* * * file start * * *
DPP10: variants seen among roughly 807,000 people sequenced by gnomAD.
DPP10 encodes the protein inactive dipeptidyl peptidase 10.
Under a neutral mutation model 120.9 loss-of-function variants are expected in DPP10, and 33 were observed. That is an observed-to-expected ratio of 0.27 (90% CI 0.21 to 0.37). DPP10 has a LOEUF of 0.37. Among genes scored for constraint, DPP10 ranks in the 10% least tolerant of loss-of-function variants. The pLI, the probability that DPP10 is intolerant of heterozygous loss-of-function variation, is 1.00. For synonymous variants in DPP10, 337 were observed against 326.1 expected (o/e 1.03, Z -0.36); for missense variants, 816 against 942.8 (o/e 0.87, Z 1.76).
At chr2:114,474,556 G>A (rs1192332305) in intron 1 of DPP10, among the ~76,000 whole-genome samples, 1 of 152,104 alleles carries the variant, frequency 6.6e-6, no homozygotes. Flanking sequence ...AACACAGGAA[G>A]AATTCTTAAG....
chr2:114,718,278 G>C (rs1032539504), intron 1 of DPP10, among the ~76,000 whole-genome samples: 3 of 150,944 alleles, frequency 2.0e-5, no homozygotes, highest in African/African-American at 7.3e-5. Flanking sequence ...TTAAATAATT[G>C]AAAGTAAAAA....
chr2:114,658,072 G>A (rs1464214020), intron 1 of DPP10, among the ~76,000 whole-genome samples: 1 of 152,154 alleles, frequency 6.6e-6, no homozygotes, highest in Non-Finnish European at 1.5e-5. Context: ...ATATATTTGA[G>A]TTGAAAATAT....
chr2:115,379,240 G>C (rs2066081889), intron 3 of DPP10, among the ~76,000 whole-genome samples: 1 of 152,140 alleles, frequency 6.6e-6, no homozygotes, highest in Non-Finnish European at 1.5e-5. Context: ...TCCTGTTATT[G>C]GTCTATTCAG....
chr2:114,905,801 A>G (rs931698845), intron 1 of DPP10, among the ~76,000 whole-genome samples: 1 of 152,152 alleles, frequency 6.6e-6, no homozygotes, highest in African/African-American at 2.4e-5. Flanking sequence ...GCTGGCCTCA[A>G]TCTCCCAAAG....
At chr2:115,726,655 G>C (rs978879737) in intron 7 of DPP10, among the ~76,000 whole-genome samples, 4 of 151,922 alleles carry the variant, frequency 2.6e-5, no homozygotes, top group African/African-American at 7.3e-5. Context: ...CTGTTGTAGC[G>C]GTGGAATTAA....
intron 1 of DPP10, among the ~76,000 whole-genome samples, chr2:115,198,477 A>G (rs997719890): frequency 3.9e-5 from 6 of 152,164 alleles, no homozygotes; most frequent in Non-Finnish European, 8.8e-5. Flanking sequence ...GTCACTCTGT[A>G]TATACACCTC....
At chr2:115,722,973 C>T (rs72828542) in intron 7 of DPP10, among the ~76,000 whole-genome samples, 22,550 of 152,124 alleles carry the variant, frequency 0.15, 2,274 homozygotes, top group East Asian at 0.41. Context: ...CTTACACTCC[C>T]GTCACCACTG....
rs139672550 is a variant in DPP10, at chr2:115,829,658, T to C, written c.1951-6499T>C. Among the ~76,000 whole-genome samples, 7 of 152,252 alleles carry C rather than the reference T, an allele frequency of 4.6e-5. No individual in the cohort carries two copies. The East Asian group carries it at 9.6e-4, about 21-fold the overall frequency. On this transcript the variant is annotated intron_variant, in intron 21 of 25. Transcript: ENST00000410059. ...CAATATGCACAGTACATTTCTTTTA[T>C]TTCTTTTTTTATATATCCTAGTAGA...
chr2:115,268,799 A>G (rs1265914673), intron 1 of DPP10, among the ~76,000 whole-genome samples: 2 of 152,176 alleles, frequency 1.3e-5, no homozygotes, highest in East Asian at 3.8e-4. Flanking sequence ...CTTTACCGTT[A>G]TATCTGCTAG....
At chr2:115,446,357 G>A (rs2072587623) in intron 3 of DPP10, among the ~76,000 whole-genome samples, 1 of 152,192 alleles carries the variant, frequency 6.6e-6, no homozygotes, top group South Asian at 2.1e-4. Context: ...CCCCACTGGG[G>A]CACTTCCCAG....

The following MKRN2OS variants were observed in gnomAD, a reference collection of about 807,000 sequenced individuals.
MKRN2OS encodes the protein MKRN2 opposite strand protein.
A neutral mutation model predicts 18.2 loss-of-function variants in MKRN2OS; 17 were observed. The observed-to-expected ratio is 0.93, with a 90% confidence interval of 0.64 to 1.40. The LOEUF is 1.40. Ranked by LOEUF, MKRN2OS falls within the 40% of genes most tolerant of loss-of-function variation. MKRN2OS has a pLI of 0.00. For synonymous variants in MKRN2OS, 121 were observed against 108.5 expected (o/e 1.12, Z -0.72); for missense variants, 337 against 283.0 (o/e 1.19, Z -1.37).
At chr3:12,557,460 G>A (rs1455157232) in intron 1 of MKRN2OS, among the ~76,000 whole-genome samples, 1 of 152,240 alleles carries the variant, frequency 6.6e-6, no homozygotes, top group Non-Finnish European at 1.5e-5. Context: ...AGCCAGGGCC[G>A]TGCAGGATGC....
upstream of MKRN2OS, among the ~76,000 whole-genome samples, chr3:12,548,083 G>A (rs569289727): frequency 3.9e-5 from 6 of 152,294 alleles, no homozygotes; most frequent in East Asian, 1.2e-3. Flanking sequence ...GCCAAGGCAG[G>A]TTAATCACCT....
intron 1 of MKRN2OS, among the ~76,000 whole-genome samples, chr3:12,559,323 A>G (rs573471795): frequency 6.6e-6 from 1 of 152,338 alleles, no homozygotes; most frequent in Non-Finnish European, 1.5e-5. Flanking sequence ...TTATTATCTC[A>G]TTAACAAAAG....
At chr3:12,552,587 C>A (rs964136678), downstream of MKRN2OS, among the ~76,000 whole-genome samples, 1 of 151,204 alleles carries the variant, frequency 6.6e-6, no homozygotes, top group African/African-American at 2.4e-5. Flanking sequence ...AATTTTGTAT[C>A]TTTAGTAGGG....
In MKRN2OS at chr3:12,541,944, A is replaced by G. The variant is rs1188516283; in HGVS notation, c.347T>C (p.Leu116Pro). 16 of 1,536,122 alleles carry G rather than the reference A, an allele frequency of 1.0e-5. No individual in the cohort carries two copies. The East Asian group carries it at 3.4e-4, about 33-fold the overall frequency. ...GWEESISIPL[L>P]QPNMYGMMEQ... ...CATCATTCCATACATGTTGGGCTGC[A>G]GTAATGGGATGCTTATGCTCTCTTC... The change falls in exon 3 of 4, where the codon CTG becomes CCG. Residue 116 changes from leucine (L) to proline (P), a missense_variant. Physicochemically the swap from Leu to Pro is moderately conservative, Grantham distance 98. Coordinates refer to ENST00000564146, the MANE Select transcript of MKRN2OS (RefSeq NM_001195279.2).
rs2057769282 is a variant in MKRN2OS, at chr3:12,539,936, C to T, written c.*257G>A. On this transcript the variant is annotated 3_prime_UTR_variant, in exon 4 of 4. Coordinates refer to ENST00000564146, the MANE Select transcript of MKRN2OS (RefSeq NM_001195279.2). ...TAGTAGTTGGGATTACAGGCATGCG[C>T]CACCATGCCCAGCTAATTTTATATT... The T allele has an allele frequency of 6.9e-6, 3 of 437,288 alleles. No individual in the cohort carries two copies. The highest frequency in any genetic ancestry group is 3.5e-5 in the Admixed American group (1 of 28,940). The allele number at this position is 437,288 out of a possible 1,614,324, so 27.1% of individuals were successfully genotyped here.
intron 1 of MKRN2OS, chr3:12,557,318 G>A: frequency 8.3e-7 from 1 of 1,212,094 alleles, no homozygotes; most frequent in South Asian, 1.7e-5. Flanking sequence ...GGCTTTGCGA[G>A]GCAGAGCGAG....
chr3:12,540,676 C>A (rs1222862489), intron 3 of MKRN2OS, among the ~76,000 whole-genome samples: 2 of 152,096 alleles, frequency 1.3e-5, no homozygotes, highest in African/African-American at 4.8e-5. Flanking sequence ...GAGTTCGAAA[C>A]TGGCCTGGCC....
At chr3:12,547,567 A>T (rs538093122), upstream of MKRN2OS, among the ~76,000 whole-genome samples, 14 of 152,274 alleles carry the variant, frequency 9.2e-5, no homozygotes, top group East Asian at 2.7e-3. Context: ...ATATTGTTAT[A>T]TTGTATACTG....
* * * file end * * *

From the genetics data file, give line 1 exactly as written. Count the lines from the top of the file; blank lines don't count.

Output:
DPP10: variants seen among roughly 807,000 people sequenced by gnomAD.